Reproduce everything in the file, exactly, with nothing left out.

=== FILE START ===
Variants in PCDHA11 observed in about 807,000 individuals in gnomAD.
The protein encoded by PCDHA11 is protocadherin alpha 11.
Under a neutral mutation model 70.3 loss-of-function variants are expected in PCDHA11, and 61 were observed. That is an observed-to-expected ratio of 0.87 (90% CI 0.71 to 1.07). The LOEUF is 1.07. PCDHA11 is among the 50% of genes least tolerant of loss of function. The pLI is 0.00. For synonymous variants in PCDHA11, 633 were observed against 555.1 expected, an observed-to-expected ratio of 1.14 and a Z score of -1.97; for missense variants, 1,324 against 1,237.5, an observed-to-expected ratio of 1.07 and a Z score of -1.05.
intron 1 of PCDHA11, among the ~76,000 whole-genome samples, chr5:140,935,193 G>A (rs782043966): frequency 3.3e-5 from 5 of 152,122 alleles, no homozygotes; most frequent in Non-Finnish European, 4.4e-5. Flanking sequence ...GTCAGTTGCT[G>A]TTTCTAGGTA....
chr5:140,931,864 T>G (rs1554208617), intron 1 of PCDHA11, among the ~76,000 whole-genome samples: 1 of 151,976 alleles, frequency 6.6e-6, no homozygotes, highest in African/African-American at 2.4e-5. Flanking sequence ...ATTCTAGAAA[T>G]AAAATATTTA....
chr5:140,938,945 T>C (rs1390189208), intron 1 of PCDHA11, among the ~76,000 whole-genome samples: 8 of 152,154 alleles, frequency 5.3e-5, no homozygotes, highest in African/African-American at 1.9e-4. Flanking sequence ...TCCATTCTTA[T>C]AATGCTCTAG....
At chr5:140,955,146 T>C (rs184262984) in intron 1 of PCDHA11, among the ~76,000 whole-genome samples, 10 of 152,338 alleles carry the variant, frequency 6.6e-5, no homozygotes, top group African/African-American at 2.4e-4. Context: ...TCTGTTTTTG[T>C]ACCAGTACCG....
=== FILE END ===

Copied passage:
Variants in PCDHA11 observed in about 807,000 individuals in gnomAD.
The protein encoded by PCDHA11 is protocadherin alpha 11.
Under a neutral mutation model 70.3 loss-of-function variants are expected in PCDHA11, and 61 were observed. That is an observed-to-expected ratio of 0.87 (90% CI 0.71 to 1.07). The LOEUF is 1.07. PCDHA11 is among the 50% of genes least tolerant of loss of function. The pLI is 0.00. For synonymous variants in PCDHA11, 633 were observed against 555.1 expected, an observed-to-expected ratio of 1.14 and a Z score of -1.97; for missense variants, 1,324 against 1,237.5, an observed-to-expected ratio of 1.07 and a Z score of -1.05.
intron 1 of PCDHA11, among the ~76,000 whole-genome samples, chr5:140,935,193 G>A (rs782043966): frequency 3.3e-5 from 5 of 152,122 alleles, no homozygotes; most frequent in Non-Finnish European, 4.4e-5. Flanking sequence ...GTCAGTTGCT[G>A]TTTCTAGGTA....
chr5:140,931,864 T>G (rs1554208617), intron 1 of PCDHA11, among the ~76,000 whole-genome samples: 1 of 151,976 alleles, frequency 6.6e-6, no homozygotes, highest in African/African-American at 2.4e-5. Flanking sequence ...ATTCTAGAAA[T>G]AAAATATTTA....
chr5:140,938,945 T>C (rs1390189208), intron 1 of PCDHA11, among the ~76,000 whole-genome samples: 8 of 152,154 alleles, frequency 5.3e-5, no homozygotes, highest in African/African-American at 1.9e-4. Flanking sequence ...TCCATTCTTA[T>C]AATGCTCTAG....
At chr5:140,955,146 T>C (rs184262984) in intron 1 of PCDHA11, among the ~76,000 whole-genome samples, 10 of 152,338 alleles carry the variant, frequency 6.6e-5, no homozygotes, top group African/African-American at 2.4e-4. Context: ...TCTGTTTTTG[T>C]ACCAGTACCG....